Common Foot Pain Problems


Flat Feet

“Flat Feet” or “Fallen Arches” occur when the arch or instep of the foot collapses and comes in contact with the ground.

Flat feet themselves usually don’t cause problems, but can be a contributing factor to other problems in your feet, ankles and knees. Flat feet are a fairly common condition. The arch usually develops in childhood and by adulthood giving most people developed arches; however some people never develop arches.

This is a normal variation in foot type and people may or may not have problems without arches. Lax ligaments can cause flat feet as can congenital conditions that affect the foot. Flat feet can be associated with pronation, which happens when your arches touch the ground causing your ankles to lean inward toward each other.


Arches can fall over time leading to flat feet. Years of wear and tear can weaken the posterior tibial tendon, which runs along the inside of your ankle, from above your ankle to your arch. The posterior tibial tendon is the main support structure for the arch. An overload to this tendon can cause inflammation of the tendon and even tearing of the tendon. Once the tendon is damaged, the foot’s arch loses support and can flatten.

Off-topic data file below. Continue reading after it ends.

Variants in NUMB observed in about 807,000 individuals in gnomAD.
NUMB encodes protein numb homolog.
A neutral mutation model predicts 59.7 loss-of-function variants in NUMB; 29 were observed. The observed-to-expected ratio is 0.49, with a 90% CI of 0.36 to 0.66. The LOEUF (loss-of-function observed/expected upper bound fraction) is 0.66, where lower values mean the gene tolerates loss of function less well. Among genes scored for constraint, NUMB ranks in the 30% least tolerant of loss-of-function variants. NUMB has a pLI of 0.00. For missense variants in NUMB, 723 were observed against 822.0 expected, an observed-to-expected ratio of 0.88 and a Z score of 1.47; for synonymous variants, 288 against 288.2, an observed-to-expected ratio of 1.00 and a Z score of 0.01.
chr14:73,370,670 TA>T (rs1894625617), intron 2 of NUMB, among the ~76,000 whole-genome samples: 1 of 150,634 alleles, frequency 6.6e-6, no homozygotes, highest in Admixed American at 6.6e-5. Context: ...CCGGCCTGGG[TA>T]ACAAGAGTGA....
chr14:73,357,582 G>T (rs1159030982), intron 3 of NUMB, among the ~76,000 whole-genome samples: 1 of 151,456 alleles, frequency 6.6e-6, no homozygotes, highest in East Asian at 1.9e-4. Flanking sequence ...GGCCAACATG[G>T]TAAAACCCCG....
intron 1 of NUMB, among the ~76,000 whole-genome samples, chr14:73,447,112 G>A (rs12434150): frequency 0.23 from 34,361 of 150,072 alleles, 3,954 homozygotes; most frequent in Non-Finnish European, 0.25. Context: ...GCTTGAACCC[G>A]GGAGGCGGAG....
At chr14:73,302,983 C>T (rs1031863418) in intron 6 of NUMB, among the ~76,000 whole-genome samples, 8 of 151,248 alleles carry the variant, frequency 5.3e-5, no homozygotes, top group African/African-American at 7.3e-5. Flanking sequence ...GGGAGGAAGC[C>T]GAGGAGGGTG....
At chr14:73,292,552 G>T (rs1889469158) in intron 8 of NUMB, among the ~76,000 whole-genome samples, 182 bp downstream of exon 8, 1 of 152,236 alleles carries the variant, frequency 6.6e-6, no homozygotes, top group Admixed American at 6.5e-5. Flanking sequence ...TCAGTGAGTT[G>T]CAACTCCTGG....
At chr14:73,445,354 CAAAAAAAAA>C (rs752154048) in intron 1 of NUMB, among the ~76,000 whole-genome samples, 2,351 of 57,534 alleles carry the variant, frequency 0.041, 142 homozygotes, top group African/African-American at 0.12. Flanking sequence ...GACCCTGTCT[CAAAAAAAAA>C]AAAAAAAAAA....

Ongoing stress in your feet can also lead to flat feet. One of these stresses may be long-term wearing of high heels, which can affect your Achilles tendon and change the mechanics of your ankles.

One of the biggest indicators of flat fleet is discomfort or pain. As the normal arch begins to drop, walking can become very uncomfortable. Due to the less supportive structure of a flat foot, postural strain and misalignment through the foot, ankle, knee and lower back can occur.

Good Feet is a retail establishment and not a medical provider. We do not diagnose, prescribe or fill prescriptions. For serious health issues, please consult your physician.

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